- Research in the neurosciences continues to provide evidence that sleep1 plays a role in the processes of learning and memory. There is less of a consensus, however, regarding the precise stages of memory development during which sleep2 is considered a requirement, simply favorable, or not important.
- This article begins with an overview of recent studies regarding sleep3 and learning, predominantly in the procedural memory domain, and is measured against our current understanding of the mechanisms that govern memory formation.
- Based on these considerations, I offer a new neurocognitive framework of procedural learning, consisting first of acquisition, followed by two specific stages of consolidation, one involving a process of stabilization, the other involving enhancement, whereby delayed learning occurs.
- Psychophysiological evidence indicates that initial acquisition does not rely fundamentally on sleep4. This also appears to be true for the stabilization phase of consolidation, with durable representations, resistant to interference, clearly developing in a successful manner during time awake (or just time, per se). In contrast, the consolidation stage, resulting in additional/enhanced learning in the absence of further rehearsal, does appear to rely on the process of sleep5, with evidence for specific sleep-stage6 dependencies across the procedural domain.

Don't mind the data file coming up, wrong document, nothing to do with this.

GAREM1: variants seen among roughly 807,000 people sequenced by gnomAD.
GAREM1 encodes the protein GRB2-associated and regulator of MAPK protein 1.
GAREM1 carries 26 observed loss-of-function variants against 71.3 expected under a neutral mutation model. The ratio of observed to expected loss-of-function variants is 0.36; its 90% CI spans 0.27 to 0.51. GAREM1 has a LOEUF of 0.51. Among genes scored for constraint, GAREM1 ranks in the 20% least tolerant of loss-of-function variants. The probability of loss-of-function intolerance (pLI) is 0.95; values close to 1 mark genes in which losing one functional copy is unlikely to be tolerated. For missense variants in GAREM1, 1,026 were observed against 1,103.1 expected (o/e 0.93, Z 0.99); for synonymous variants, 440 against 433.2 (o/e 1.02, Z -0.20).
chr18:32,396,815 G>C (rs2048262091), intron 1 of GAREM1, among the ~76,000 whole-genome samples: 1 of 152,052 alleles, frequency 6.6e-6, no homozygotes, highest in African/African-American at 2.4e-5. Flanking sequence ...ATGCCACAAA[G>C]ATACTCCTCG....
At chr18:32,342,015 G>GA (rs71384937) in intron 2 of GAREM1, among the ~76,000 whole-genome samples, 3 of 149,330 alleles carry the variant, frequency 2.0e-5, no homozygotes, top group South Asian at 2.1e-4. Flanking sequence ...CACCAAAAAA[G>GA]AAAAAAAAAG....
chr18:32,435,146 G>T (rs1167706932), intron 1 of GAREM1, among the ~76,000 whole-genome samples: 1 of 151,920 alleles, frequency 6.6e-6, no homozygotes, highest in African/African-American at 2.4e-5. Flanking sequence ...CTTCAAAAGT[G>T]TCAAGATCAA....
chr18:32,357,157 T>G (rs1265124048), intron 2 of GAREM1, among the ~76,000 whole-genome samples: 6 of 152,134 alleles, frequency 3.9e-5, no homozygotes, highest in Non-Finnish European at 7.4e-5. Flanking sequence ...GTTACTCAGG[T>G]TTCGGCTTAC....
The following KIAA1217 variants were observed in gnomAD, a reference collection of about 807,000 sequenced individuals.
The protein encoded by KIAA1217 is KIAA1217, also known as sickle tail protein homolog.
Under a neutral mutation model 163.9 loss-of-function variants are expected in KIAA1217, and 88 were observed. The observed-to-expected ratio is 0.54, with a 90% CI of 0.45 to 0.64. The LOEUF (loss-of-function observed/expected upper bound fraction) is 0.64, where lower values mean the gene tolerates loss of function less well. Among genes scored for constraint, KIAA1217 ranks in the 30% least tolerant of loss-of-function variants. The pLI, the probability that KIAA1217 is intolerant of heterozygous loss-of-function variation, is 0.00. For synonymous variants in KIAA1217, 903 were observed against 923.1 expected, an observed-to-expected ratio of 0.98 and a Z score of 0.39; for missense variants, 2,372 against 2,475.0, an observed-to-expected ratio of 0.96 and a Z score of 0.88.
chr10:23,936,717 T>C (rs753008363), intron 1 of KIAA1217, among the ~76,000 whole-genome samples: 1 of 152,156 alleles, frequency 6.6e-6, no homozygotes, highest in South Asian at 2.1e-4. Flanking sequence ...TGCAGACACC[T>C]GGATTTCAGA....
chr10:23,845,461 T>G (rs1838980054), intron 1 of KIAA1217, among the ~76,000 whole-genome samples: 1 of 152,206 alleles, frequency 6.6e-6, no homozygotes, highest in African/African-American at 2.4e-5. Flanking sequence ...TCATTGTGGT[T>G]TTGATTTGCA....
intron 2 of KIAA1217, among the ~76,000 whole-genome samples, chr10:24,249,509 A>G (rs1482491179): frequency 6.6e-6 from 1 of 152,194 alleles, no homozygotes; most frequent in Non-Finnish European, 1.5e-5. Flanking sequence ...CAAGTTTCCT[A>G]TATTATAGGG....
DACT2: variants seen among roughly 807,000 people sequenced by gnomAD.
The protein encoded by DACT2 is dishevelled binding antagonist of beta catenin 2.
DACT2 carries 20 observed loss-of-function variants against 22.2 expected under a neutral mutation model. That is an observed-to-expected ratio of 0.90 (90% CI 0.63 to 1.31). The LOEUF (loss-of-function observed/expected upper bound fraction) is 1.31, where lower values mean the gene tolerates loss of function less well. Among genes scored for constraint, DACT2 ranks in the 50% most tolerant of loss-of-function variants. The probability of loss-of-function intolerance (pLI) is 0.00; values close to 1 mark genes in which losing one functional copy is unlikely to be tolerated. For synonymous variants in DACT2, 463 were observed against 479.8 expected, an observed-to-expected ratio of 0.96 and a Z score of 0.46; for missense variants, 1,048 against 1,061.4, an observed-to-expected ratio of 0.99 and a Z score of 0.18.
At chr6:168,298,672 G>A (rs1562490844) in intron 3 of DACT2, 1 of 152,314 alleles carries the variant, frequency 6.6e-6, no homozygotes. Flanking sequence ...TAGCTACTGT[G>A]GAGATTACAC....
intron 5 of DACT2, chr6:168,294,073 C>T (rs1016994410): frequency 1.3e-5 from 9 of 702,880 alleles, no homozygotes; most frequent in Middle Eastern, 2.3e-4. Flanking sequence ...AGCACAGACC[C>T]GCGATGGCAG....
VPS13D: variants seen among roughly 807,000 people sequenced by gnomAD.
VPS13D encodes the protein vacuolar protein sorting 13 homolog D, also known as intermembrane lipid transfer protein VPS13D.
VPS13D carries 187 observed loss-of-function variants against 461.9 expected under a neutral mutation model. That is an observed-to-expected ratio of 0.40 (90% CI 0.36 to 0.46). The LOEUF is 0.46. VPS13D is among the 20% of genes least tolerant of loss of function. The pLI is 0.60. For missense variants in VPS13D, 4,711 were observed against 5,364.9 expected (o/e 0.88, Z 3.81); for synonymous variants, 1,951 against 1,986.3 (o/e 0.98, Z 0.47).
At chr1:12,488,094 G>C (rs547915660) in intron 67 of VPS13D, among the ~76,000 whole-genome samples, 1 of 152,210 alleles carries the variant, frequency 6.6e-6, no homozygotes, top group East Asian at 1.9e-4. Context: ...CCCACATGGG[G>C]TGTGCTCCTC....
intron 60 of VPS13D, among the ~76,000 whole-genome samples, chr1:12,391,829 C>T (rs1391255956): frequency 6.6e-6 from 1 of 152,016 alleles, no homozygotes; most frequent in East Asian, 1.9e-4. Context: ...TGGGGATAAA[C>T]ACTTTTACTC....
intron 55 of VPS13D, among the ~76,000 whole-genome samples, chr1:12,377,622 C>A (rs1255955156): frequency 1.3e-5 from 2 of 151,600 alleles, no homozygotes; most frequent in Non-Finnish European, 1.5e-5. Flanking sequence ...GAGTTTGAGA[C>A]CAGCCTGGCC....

- Evaluations at a molecular, cellular, and systems level currently offer several sleep7 specific candidates that could play a role in sleep-dependent8 learning. These include the upregulation of select plasticity-associated genes, increased protein synthesis, changes in neurotransmitter concentration, and specific electrical events in neuronal networks that modulate synaptic potentiation.
See "Various - Peer review of Walker's 'A refined model of sleep …'" for a Peer Review.
Text Colour Conventions (see disclaimer)
- Blue: Text by me; © Theo Todman, 2019
- Mauve: Text by correspondent(s) or other author(s); © the author(s)